We’re increasingly hearing that a reworked Streetcar proposal will be contingent on help from our friends in Washington, but what happens if they never come to our rescue? Certainly, changes will come when a new presidential administration takes the reigns in 2009, but what kind of changes will they be?
Some people, like columnist Neil Peirce at the Washington Post, have their doubts that federal funding in transit is something that should be counted on. He notes that cities with vision have decided to act like big boys and girls, and do it on their own.
Metros Move to Forge Their Own Transit Futures
By Neal Peirce
America’s major metro regions may be on the verge of transit independence.
They tap federal aid whenever they can. But increasingly they’re being obliged to find money for system expansion right at home. They’re learning to get cities and suburbs on the same page as they prepare for a post-petroleum age.
And where they’re not succeeding, anger is mounting. Take the Atlanta region, legendary for its traffic tie-ups. It added 2 million people in 20 years but built little new capacity, and now needs to invest $50 billion in rails and roads. As recently as April, Georgia’s legislature refused to let citizens of the region even vote on a sales tax boost to finance transit lines and roadway expansion.
“The business community is screaming for relief at the top of our voice,” says Sam Williams, president of the Metropolitan Atlanta Chamber of Commerce. He’s not only urging early transportation investments but warning that “failure to invest would spell economic disaster for Georgia.”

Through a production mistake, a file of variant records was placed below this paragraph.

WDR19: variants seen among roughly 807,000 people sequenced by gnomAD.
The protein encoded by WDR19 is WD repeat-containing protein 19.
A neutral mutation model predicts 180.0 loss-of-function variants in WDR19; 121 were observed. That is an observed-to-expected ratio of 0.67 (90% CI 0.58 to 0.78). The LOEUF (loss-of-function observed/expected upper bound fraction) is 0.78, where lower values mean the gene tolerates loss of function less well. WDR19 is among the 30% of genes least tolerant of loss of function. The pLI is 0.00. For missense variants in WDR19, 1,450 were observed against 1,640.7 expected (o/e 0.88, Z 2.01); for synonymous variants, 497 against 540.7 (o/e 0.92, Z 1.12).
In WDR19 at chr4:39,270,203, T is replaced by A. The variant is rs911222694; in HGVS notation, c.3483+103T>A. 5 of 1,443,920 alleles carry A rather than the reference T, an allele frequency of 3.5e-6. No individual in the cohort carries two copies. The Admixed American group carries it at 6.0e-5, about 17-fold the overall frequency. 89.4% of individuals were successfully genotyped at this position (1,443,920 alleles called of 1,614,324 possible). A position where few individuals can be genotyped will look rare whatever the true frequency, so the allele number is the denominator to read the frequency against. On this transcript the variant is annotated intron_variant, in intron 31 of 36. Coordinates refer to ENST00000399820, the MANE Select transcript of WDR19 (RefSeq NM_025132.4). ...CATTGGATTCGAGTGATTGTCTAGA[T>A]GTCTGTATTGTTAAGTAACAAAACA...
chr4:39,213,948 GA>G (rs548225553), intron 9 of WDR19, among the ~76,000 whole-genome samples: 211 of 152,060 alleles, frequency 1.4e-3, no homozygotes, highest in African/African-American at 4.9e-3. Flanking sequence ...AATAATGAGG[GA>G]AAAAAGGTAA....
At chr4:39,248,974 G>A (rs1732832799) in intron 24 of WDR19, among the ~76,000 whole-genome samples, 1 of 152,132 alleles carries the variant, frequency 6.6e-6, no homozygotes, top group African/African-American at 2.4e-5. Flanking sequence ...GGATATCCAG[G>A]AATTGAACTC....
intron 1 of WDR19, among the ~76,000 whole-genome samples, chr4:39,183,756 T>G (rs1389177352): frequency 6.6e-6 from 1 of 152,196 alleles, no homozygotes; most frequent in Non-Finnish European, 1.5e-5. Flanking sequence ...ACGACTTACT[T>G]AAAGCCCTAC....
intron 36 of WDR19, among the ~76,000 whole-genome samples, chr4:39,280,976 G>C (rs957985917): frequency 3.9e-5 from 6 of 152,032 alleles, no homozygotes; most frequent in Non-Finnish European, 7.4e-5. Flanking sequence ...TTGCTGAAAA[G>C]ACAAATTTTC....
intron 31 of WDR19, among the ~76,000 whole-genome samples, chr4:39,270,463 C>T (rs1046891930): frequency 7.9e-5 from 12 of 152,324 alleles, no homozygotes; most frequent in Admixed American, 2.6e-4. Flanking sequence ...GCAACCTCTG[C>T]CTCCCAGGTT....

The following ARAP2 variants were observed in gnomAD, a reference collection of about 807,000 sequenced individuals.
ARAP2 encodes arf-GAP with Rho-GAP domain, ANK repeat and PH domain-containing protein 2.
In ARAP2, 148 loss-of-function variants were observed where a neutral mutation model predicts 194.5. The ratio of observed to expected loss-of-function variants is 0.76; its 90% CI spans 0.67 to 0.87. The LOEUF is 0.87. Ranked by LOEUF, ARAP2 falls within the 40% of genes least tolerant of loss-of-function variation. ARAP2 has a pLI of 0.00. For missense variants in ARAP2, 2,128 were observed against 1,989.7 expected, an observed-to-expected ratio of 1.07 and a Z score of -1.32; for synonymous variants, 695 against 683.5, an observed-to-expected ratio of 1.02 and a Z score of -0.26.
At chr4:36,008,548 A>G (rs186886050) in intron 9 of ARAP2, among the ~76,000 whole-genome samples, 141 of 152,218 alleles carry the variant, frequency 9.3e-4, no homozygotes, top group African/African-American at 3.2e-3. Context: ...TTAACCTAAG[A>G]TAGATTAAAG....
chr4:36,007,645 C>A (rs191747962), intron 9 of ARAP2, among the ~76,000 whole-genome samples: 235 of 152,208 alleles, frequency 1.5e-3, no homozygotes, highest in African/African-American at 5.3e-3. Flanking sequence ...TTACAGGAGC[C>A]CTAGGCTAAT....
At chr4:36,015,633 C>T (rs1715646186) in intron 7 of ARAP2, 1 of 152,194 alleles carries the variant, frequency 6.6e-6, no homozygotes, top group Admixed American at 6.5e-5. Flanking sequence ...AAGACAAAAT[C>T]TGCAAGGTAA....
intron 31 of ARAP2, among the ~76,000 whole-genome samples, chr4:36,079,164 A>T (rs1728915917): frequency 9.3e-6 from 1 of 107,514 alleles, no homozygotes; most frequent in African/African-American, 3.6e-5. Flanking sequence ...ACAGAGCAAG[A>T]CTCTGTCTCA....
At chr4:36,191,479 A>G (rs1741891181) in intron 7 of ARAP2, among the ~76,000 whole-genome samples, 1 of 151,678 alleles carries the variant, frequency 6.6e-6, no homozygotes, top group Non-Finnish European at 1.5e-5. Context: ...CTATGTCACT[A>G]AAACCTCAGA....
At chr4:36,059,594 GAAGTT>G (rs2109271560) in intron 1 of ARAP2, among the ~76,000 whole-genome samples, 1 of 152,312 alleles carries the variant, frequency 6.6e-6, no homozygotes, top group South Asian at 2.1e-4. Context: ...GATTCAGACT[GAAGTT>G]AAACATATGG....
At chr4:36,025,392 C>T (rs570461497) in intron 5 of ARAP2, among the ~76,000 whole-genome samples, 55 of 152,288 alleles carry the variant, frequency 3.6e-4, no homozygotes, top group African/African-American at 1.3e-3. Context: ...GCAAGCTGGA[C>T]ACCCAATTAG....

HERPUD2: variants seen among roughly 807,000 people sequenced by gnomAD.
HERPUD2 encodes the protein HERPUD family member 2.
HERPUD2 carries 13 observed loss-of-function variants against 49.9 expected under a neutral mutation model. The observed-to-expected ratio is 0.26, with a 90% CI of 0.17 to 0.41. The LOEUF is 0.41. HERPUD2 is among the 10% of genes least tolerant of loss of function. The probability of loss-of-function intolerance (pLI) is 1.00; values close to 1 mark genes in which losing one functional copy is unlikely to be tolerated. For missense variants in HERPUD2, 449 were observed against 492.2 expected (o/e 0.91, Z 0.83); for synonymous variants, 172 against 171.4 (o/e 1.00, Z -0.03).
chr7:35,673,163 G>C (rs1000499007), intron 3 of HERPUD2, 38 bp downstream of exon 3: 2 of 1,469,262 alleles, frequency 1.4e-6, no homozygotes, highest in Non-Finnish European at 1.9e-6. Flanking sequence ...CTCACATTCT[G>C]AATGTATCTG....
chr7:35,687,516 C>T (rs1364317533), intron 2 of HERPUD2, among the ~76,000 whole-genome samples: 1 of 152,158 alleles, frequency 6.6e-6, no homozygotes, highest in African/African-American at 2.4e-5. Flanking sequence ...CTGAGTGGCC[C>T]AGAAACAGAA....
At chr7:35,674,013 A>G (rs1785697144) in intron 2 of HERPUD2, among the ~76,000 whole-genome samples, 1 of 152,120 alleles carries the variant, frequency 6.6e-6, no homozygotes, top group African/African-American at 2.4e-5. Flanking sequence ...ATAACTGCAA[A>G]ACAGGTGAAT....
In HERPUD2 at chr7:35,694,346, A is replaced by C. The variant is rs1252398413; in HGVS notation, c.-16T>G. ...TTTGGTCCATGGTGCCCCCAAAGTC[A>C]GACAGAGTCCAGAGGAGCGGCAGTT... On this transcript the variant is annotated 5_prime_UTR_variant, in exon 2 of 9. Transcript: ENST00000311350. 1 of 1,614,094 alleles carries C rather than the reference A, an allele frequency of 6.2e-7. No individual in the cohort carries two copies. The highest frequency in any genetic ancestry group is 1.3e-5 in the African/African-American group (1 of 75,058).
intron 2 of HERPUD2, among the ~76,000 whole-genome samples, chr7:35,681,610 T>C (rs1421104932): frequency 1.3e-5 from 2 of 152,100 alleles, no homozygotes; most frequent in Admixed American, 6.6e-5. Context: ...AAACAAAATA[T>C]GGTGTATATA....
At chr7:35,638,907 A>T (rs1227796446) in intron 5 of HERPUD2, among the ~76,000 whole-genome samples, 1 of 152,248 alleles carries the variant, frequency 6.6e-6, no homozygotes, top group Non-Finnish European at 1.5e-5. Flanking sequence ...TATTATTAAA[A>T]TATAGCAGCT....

The good news: only few other regions — metro Detroit, for example — are as stalemated as Atlanta. Indeed, just check what’s happening elsewhere:
Houston, legendary capital of Big Oil, has decided to plunge ahead with building an integrated five-corridor light rail system. “With gas headed to $8 a gallon and oil to $200 a barrel,” said Councilman Peter Brown, “we have to rethink Houston as a happy motoring paradise.”
The Denver region continues to construct its ambitious 119-mile, $4.7 billion “Fastracks” system of light rail and commuter rail that voters decided, 57 percent to 42 percent, to fund in 2004.
Charlotte is celebrating 13,000-passenger-a-day patronage, 4,000 ahead of projections, on the first corridor of its Lynx rail system, inaugurated last November.
The Seattle region’s Sound Transit Board has just voted unanimously to put a 15-year mass transit package, including bus, commuter rail and a 53-mile regional light rail system, on this November’s ballot. It’s a daring move because just last autumn the region’s voters turned down a combined highway-transit funding measure. But Seattle Mayor Greg Nickels is hailing the big rail expansion as the right response to high gas prices and rising congestion: “the right plan for us, our kids and our planet.”
This December, Phoenix opens a 20-mile light rail link from its downtown to neighboring Tempe and Mesa, using funds from a designated sales tax voters approved 2-to-1 in 2000.
And so it goes across the U.S.– check Dallas, Salt Lake City, Sacramento, Washington, Portland, Los Angeles, St. Louis, Minneapolis-St. Paul, Norfolk and more. In amazing numbers, rail transit systems are either experiencing record ridership, or expanding, or both.